LETTERS

February 1, 2013 

Dear Editor:

A few weeks ago I started noticing an extra 1 percent sale taxes on top of one-half percent 911 sales tax charged at Hy-Vee, Walgreens and other stores in Belton. This caused me to weep as that was not voted on.

The same back in early 2000s after the established businesses such as Home Depot, Target, Kohl’s and others who had been dependent on Tax Increment Financing. The sales tax is now at 9.725 percent and 6.725 percent (for food) which is one of the highest areas within the state. These have not been voted on during elections which make this taxation without representation. Most of us have been blindsided by not being informed at all in the newspapers. My husband and I decided to minimize our purchases here and do remainder outside of Belton. Prior to October 2012, it was at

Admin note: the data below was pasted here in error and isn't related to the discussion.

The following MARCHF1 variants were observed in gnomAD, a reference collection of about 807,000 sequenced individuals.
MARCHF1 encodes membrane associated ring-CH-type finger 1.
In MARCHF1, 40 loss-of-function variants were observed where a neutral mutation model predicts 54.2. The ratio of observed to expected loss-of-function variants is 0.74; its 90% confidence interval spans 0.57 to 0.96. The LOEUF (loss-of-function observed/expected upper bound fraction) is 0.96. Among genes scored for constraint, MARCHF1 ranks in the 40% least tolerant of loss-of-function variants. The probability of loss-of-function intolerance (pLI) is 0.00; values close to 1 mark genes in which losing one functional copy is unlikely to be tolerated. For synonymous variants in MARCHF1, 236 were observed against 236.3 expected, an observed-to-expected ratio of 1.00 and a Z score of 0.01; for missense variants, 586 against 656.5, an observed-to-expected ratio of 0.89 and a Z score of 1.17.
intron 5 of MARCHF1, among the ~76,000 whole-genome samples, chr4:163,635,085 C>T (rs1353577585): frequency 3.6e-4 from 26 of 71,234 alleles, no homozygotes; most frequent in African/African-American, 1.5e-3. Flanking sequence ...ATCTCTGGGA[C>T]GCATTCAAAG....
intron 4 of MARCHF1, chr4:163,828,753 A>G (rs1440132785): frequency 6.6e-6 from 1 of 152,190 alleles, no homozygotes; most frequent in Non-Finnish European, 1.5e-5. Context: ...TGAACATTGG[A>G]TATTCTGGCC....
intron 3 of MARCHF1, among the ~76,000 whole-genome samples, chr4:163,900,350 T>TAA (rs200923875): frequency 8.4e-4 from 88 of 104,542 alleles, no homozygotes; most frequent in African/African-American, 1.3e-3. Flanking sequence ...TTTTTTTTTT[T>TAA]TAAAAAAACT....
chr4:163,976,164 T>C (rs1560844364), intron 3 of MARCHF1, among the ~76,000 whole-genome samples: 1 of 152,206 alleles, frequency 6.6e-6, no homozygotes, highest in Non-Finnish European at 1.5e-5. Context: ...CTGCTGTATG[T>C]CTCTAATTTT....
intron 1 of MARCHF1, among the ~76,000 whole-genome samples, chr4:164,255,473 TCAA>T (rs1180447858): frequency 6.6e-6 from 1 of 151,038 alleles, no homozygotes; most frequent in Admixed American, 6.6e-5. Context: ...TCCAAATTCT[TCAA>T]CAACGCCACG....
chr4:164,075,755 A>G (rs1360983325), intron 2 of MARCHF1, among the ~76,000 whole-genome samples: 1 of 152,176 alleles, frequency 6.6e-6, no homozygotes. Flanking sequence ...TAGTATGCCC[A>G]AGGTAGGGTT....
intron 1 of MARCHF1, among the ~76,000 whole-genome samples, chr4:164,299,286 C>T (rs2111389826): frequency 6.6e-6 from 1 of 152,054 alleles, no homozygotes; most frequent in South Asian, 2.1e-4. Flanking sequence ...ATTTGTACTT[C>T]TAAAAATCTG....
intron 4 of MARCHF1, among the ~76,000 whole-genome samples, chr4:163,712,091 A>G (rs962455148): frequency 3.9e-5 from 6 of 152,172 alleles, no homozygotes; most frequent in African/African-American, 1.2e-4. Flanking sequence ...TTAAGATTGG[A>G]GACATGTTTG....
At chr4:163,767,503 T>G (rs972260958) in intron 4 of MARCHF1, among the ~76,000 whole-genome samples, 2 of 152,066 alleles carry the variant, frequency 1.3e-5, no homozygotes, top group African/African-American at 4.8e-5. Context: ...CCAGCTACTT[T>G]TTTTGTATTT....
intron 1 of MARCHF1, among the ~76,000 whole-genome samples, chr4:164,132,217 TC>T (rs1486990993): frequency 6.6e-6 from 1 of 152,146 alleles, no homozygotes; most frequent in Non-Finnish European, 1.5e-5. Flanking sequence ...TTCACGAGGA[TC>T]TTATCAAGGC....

8.225 percent and 5.225 percent respectfully.

We found out it was to fund the Transportation District along Route 58 effective as of Jan. 1. Route 58 is a Missouri State Route which should not be subsidized by sales taxes to fund a TD. Whenever there’s extra commercial development, there are extra traffic lights that should be funded only by businesses, not by the state and the consumers through extra sales taxes.

We consider extra sales tax increases as inflation by hurting consumers financially. We read that there’s been a decrease in sales tax revenue and this will make it worse. We came here in December 1992 from Illinois, and the tax here was around 6.25 percent. The Missouri base tax rate is 4.225 percent.